UDP) message in size, thus no larger than 64k and likely limited by
   the link MTU.

   For simplicity and easy implementation we will continue NSIS' message
   object approach.  This means that messages created by the diagnostic
   tool will consist of several objects which themselves could be
   compiled by adding various other message objects.  By this, we also
   enable easy extensibility for further information gathering of yet
   unknown NSLPs.

   We will limit the diagnostic functions towards sysadmins diagnosing
   withing thei own domain only.

   Messages by the diagnostics tool consist of one common header
   followed by a Query object and a list of Hop objects:

   DIAGNOSTIC-message =
      Common header, Query object, [Hop object]*

   The Query object specifies the requested information every GIST node
   should add.  A Hop object is added by every GIST node on the path and
   contains the requested information.  The Hop object itself consists
   of a Hop-Header and a list of data objects:

   Hop-object =
      Hop header
      [IPv4 address object]*
      [IPv6 address object]*
      [General GIST information object]
      [SID-bound Response object]
      [NSLP state information object]
      [Available NSLPs object]
      [Additional information object]

   The procedure for the diagnostic tools will be as follows:
   1.  At querying node, compose and send query message with designated
       destination - the final GIST node along the path
   2.  GIST at querying node forwards message to next GIST node towards
       the destination




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   3.  Intermediate Diagnostic-NSLP-aware GIST nodes add queried
       information if message is on the downstream direction and forward
       to next peer
   4.  The destination GIST node adds queried information and forwards
       the message in the downstream direction

   The message flow is depicted in Figure 1.


   +----------+    +----------+                    +----------+
   |          |    |          |                    |          |
   |Diagnostic|    |Diagnostic|                    |Diagnostic|
   |   NSLP   |    |   NSLP   |                    |   NSLP   |
   |          |    |          |                    |          |
   +----------+    +----------+                    +----------+
   1. || /\        3. /\  ||                       4. /\  ||
      \/ ||           ||  \/                          ||  \/
    +--------+2.    +--------+      +--------+      +--------+
    |        |>>>>>>|        |>>>>>>|        |> .. >|        |
    |  GIST  |      |  GIST  |      |  GIST  |      |  GIST  |
    |  node  |      |  node  |      |  node  |      |  node  |
    |        |<<<<<<|        |<<<<<<|        |< .. <|        |
    +--------+      +--------+      +--------+      +--------+
                      >> Upstream query message
                      << Downstream response message

                 Figure 1: Diagnostic NSLP message flow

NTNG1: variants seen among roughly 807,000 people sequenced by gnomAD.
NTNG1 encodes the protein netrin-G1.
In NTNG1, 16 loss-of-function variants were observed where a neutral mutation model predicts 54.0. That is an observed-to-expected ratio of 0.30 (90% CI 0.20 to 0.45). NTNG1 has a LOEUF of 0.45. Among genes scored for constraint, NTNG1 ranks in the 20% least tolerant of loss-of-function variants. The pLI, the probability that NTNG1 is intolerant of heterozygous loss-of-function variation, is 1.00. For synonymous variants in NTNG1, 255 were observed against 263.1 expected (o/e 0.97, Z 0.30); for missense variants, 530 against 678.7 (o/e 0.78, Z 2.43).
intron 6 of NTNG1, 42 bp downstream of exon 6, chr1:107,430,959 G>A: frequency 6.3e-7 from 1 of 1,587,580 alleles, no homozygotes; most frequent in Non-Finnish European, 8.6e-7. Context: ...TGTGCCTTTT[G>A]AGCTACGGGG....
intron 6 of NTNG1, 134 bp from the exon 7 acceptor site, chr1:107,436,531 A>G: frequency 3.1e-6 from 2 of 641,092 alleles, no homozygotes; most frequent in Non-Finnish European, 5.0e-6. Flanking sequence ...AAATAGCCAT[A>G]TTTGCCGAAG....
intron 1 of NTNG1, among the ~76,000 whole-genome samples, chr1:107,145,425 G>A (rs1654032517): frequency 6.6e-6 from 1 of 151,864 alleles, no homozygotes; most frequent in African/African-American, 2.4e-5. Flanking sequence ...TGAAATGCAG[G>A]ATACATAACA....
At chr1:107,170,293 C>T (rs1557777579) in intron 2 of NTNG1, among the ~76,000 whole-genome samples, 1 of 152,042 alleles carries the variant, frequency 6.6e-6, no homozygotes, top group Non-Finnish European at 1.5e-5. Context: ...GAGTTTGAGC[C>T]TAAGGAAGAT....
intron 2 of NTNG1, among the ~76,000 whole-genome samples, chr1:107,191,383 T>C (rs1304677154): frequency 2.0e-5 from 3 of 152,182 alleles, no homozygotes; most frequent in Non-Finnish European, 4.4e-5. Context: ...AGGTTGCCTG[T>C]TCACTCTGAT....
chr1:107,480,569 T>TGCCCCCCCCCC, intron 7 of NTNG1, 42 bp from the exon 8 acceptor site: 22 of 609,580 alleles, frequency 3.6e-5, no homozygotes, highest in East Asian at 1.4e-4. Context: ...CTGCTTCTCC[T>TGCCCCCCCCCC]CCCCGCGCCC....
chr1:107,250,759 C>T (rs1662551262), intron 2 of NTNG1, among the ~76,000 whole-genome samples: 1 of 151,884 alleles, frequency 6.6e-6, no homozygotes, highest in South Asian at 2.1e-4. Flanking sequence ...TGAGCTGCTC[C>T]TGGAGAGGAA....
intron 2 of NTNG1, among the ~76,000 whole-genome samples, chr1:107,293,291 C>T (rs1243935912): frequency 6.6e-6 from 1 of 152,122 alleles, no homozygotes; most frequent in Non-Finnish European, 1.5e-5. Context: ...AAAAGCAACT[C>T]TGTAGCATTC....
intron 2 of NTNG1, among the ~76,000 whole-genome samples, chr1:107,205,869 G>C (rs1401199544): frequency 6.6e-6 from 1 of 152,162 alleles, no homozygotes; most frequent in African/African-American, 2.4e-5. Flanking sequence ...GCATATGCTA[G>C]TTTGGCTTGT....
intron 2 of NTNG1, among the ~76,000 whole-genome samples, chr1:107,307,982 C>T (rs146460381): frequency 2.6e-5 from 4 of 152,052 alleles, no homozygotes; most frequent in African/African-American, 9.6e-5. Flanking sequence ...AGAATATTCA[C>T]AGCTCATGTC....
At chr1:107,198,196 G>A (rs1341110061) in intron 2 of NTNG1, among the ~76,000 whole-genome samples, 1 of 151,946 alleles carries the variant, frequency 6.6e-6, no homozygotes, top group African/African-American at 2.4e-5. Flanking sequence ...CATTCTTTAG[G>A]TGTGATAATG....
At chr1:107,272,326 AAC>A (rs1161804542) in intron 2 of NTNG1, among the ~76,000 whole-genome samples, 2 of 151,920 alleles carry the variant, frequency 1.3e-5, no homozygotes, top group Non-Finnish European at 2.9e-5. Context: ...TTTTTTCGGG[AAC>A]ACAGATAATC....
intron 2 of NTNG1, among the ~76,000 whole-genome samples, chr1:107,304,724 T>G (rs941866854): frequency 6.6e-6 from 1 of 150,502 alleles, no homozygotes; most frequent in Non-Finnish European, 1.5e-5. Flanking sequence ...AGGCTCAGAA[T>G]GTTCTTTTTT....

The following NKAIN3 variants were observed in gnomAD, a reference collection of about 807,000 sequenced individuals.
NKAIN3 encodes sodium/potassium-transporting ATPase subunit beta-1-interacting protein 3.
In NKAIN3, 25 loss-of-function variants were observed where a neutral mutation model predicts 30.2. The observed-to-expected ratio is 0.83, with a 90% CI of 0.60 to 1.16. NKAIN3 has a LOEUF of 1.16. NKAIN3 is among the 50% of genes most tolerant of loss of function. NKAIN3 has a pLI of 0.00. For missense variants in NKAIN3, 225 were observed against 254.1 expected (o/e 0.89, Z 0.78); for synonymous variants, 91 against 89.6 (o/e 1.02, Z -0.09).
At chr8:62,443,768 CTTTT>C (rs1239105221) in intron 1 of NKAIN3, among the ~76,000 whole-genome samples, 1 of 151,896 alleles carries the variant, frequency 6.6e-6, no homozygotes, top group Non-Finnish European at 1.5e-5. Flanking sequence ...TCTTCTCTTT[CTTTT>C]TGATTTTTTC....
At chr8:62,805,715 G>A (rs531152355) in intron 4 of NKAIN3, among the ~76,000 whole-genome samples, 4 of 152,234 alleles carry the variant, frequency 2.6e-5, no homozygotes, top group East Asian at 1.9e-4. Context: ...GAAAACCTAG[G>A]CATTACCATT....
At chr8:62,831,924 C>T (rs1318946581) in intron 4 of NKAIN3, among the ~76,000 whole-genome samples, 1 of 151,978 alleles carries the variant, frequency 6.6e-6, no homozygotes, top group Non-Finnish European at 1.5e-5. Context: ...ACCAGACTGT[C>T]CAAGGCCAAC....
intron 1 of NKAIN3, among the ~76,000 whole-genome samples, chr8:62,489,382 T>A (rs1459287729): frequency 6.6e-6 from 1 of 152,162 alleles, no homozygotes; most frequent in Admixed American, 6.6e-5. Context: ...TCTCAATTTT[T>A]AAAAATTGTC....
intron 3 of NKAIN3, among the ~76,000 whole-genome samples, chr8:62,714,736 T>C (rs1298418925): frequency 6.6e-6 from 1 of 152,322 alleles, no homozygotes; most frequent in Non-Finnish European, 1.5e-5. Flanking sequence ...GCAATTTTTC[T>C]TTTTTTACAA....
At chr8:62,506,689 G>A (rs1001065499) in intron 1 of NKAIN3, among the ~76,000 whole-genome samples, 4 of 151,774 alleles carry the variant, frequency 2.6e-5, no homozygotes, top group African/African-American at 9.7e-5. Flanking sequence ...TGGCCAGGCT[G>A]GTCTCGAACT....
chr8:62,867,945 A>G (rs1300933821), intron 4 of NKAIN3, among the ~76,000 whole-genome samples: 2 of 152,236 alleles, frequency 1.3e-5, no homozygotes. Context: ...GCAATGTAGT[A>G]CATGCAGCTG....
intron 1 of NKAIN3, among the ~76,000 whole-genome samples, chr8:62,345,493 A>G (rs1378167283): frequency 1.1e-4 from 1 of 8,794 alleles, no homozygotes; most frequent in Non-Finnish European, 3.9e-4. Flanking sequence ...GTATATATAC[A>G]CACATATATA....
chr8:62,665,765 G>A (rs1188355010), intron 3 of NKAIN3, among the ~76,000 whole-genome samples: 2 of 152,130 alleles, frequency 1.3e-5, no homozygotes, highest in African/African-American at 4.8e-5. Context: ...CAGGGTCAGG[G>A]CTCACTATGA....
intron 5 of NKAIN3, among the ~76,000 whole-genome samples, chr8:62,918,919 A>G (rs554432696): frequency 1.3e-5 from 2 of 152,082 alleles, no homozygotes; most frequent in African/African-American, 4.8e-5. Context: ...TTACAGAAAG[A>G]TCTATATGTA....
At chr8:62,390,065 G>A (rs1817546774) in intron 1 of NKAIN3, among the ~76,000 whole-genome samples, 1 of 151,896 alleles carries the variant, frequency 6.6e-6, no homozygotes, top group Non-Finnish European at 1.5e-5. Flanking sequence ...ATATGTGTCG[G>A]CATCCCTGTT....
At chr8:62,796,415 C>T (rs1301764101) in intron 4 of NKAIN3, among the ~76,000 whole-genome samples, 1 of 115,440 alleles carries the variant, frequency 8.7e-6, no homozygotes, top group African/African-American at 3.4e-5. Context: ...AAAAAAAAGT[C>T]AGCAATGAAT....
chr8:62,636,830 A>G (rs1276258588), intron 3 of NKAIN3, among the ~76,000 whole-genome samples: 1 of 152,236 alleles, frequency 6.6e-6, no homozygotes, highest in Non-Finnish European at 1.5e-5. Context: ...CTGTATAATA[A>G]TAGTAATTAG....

3.1.1.  Basic message objects

3.1.1.1.  Common Header


    0                   1                   2                   3
   0 1 2 3 4 5 6 7 8 9 0 1 2 3 4 5 6 7 8 9 0 1 2 3 4 5 6 7 8 9 0 1 2
   +-+-+-+-+-+-+-+-+-+-+-+-+-+-+-+-+-+-+-+-+-+-+-+-+-+-+-+-+-+-+-+-+
   |    Version    |   Length      |           Reserved            |
   +-+-+-+-+-+-+-+-+-+-+-+-+-+-+-+-+-+-+-+-+-+-+-+-+-+-+-+-+-+-+-+-+


      Version : Identifier for diagnostic NSLP
      Length : Overall message length

3.1.1.2.  Standard Object Format

   Each object begins with a fixed header giving the object Type and
   object Length.  This is followed by the object Value, which is a
   whole number of 32-bit words long.



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    0                   1                   2                   3
    0 1 2 3 4 5 6 7 8 9 0 1 2 3 4 5 6 7 8 9 0 1 2 3 4 5 6 7 8 9 0 1
   +-+-+-+-+-+-+-+-+-+-+-+-+-+-+-+-+-+-+-+-+-+-+-+-+-+-+-+-+-+-+-+-+
   |r|r|r|r|         Type          |r|r|r|r|        Length         |
   +-+-+-+-+-+-+-+-+-+-+-+-+-+-+-+-+-+-+-+-+-+-+-+-+-+-+-+-+-+-+-+-+
   //                             Value                           //
   +-+-+-+-+-+-+-+-+-+-+-+-+-+-+-+-+-+-+-+-+-+-+-+-+-+-+-+-+-+-+-+-+



      Type 00 : Query object
      Type 01 : Hop object
      Type 02 : IPv4 address object
      Type 03 : IPv6 address object
      Type 04 : General GIST information object
      Type 05 : SID-bound Response object
      Type 06 : NSLP state information object
      Type 07 : Available NSLPs object
      Type 08 : Additional information object object

3.1.1.3.  Hop object

   The hop object is just a container for the information objects
   requested in the Query object.

3.1.1.4.  IPv4 address object

   Every Hop Object may contain any number of IPv4 address objects.
      Length: 4 bytes


    0                   1                   2                   3
    0 1 2 3 4 5 6 7 8 9 0 1 2 3 4 5 6 7 8 9 0 1 2 3 4 5 6 7 8 9 0 1
   +-+-+-+-+-+-+-+-+-+-+-+-+-+-+-+-+-+-+-+-+-+-+-+-+-+-+-+-+-+-+-+-+
   |                         IPv4 address                          |
   +-+-+-+-+-+-+-+-+-+-+-+-+-+-+-+-+-+-+-+-+-+-+-+-+-+-+-+-+-+-+-+-+


3.1.1.5.  IPv6 address object

   Every Hop Object may contain any number of IPv6 address objects.
      Length: 16 bytes









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    0                   1                   2                   3
    0 1 2 3 4 5 6 7 8 9 0 1 2 3 4 5 6 7 8 9 0 1 2 3 4 5 6 7 8 9 0 1
   +-+-+-+-+-+-+-+-+-+-+-+-+-+-+-+-+-+-+-+-+-+-+-+-+-+-+-+-+-+-+-+-+
   |                                                               |
   |                         IPv6 address                          |
   |                                                               |